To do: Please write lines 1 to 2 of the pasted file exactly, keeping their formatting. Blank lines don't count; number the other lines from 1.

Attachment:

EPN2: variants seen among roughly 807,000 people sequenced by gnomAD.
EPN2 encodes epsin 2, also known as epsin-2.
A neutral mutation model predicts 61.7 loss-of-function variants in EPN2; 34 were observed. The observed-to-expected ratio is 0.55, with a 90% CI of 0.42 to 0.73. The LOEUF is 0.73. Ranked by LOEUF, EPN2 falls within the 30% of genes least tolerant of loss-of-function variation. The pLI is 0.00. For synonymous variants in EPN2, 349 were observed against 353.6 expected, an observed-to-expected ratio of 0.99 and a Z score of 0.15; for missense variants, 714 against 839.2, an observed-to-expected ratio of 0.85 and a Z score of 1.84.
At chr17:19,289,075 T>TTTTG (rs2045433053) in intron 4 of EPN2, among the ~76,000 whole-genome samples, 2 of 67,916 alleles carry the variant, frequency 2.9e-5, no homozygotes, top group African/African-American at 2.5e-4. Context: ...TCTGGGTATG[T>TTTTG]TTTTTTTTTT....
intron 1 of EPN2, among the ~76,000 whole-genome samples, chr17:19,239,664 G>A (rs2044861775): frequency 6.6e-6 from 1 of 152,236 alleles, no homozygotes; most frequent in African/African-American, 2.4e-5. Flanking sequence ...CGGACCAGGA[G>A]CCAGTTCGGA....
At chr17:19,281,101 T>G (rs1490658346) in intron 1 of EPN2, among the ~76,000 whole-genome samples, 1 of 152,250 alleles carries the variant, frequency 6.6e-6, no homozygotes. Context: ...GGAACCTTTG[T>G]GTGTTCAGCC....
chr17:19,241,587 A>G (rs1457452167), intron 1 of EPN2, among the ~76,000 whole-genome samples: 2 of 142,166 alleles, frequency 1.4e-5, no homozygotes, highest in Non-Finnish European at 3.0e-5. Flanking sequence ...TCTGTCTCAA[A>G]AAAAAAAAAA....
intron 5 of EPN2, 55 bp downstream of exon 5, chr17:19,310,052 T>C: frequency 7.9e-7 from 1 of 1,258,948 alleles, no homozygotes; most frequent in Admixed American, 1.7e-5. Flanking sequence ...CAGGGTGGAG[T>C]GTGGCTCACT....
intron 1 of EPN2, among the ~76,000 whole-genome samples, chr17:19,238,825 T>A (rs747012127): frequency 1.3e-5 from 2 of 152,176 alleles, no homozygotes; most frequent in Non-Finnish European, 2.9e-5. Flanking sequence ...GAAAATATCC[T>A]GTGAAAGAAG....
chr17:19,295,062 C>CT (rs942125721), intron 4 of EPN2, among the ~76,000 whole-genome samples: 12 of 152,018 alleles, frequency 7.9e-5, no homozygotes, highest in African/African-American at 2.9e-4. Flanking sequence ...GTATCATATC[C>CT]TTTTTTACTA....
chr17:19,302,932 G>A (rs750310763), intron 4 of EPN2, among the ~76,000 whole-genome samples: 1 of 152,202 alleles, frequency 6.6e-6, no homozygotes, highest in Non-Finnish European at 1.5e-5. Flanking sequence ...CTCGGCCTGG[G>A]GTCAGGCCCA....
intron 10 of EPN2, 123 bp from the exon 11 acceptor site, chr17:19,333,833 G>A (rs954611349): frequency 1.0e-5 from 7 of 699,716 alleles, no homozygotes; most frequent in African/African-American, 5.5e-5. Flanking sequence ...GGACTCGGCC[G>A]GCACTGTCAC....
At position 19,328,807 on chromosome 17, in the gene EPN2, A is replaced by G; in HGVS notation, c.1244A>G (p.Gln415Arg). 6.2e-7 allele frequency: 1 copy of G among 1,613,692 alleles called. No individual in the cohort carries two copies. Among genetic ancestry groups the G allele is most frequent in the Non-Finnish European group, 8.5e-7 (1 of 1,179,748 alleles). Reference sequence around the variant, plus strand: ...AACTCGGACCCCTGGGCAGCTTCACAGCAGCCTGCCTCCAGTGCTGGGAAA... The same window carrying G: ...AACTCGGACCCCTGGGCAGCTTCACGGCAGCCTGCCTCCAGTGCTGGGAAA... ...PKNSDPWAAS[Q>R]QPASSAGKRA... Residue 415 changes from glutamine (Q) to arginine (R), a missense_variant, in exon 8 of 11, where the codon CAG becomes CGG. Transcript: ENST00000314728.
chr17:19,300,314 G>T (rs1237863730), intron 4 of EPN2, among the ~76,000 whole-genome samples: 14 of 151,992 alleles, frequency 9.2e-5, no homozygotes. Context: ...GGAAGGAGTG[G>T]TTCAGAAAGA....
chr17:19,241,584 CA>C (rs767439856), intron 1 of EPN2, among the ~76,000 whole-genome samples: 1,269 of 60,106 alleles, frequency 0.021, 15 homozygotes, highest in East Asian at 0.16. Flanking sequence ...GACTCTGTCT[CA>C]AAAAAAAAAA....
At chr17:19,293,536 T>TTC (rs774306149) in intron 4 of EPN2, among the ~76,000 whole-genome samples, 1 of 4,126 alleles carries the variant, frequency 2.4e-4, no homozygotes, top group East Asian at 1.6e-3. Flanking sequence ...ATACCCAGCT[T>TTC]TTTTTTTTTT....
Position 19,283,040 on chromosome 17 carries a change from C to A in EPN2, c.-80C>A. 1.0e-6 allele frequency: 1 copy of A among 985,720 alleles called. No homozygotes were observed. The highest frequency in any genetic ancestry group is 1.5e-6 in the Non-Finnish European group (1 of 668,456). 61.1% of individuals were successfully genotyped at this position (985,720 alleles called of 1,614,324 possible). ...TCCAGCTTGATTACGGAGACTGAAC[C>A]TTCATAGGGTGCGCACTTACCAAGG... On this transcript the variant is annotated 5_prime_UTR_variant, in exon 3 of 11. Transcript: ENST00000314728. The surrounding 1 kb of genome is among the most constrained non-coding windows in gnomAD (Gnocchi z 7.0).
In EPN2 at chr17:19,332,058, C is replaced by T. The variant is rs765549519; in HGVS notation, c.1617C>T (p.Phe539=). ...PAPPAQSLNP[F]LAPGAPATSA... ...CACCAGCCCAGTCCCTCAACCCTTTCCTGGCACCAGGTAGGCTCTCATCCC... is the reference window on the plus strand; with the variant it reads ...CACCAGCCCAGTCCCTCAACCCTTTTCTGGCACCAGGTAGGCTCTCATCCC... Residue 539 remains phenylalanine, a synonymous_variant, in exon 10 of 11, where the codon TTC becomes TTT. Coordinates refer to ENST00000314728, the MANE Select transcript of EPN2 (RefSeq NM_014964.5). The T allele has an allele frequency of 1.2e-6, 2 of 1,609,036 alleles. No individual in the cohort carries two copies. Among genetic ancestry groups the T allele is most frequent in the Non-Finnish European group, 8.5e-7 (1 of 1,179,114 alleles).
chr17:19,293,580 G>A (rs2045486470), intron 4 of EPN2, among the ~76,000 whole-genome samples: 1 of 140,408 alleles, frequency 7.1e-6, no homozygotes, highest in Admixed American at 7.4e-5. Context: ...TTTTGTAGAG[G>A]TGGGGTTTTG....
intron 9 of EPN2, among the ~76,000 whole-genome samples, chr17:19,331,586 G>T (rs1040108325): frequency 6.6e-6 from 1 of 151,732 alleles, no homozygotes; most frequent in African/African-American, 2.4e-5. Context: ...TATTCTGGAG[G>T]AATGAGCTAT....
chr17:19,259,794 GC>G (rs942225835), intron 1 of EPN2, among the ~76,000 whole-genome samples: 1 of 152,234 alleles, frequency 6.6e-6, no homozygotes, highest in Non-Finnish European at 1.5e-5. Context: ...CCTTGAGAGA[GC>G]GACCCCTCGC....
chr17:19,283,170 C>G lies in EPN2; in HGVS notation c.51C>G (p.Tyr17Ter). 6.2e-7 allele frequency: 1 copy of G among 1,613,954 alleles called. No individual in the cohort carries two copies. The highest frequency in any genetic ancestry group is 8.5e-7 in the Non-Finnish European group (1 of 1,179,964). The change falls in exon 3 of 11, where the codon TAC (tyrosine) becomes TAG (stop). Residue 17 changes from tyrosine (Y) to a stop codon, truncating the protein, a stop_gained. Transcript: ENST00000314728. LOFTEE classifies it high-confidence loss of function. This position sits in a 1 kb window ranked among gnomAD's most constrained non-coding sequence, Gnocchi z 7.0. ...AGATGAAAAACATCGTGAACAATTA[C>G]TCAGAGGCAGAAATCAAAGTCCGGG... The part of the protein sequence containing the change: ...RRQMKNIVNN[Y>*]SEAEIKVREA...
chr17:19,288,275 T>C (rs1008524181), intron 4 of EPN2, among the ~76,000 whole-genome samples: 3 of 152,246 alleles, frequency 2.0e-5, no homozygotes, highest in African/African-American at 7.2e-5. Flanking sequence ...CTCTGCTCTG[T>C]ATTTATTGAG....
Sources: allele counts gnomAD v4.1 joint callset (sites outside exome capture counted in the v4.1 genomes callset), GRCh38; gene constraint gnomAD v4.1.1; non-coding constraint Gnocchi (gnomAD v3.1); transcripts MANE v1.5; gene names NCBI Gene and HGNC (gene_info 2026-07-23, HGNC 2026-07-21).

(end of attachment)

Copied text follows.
EPN2: variants seen among roughly 807,000 people sequenced by gnomAD.
EPN2 encodes epsin 2, also known as epsin-2.